Another tool worth checking out is BrowserStack’s Responsive Design Testing across Devices.
This one is particularly useful because you can quickly get an idea of how your site renders on various popular devices.
Remember though, mobile-responsiveness is simply one part of the mobile optimization puzzle.
It’s also worth looking at your page speed on mobile devices to determine if your website is truly mobile optimized.
Google PageSpeed Insights is a powerful (and free) tool that scores how fast or slow your website loads on desktop and mobile.
More specifically, it will identify problem areas so you or your developer can easily take action to improve load times.
Decide How to Serve Mobile Content
So we’ve covered how to determine if your site is mobile optimized or not, and we touched on why it’s important.
Now we need to get to the meat of the article. How to get mobile optimized.
There’s a lot to cover here. First and foremost, you’ll need to decide how you want to display your website for mobile users.
There are three ways you can do this. Each with varying degrees of difficulty and development time required.
- Mobile responsive design
- Dynamically serving content
- Redirecting to a dedicated mobile URL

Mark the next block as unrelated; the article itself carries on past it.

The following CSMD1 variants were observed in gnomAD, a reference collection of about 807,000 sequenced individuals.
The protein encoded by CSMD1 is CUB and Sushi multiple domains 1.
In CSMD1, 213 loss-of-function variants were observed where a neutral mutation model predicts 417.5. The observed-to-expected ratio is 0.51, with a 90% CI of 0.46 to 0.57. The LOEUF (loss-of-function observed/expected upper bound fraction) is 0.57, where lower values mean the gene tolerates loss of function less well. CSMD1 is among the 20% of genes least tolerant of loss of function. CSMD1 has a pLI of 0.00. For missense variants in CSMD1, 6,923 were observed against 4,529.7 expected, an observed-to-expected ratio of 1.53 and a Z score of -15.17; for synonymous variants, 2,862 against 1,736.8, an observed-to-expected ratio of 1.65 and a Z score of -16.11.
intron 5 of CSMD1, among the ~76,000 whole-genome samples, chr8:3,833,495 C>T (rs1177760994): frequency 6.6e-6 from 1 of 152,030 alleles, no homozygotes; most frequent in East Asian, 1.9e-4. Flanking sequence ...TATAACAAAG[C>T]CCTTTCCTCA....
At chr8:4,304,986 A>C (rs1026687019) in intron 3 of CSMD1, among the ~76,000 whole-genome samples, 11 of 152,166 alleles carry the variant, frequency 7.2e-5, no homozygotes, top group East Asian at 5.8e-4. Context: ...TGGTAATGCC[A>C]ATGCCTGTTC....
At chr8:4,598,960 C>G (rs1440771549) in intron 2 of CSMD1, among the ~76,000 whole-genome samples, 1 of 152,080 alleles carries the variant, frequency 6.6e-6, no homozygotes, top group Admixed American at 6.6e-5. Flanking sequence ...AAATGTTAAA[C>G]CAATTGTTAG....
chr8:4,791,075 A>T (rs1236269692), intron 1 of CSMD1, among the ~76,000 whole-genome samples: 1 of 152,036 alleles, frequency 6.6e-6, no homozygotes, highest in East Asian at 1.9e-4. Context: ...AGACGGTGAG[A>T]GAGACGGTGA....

Let’s take a closer look at each.
1. Responsive website design
First and foremost, it’s worth noting that while Google supports all three, they prefer this method.
Thus, implementing a responsive design is one of the best ways to optimize your site for mobile users.
As we covered earlier, responsive design essentially means that your site’s layout will adapt to a multitude of resolutions.
This in turn enables users to easily navigate your website regardless of the device they’re using to access it.
Now, lucky for you non-developers out there, most CMS platforms offer free responsive themes that are easy to download and install.
Website builders like Weebly, Wix and Squarespace are mobile-responsive by default. And WordPress has tons of responsive options in their theme directory.
These are accessible from your WP dashboard, and don’t necessarily require any coding knowledge.
For custom websites however, you’ll likely need to reach out to your web designer/developer in order to implement responsive design.
If you’re feeling adventurous however, you can try your hand at it of course. Maybe start out with this short tutorial on 1st Web Designer.com.
2. Serve dynamic content
If you don’t want to (or can’t afford to) invest in responsive design, you could alternatively consider serving dynamic content.
This is done by detecting the type of device being used by any website visitor, and serving a different set of HTML and CSS depending on what comes back.
There are a few circumstances in which this might be effective, but generally it’s more trouble than it’s worth. For starters, you’ll need to keep a constantly updated/curated list of user-agents, which can be quite the hassle.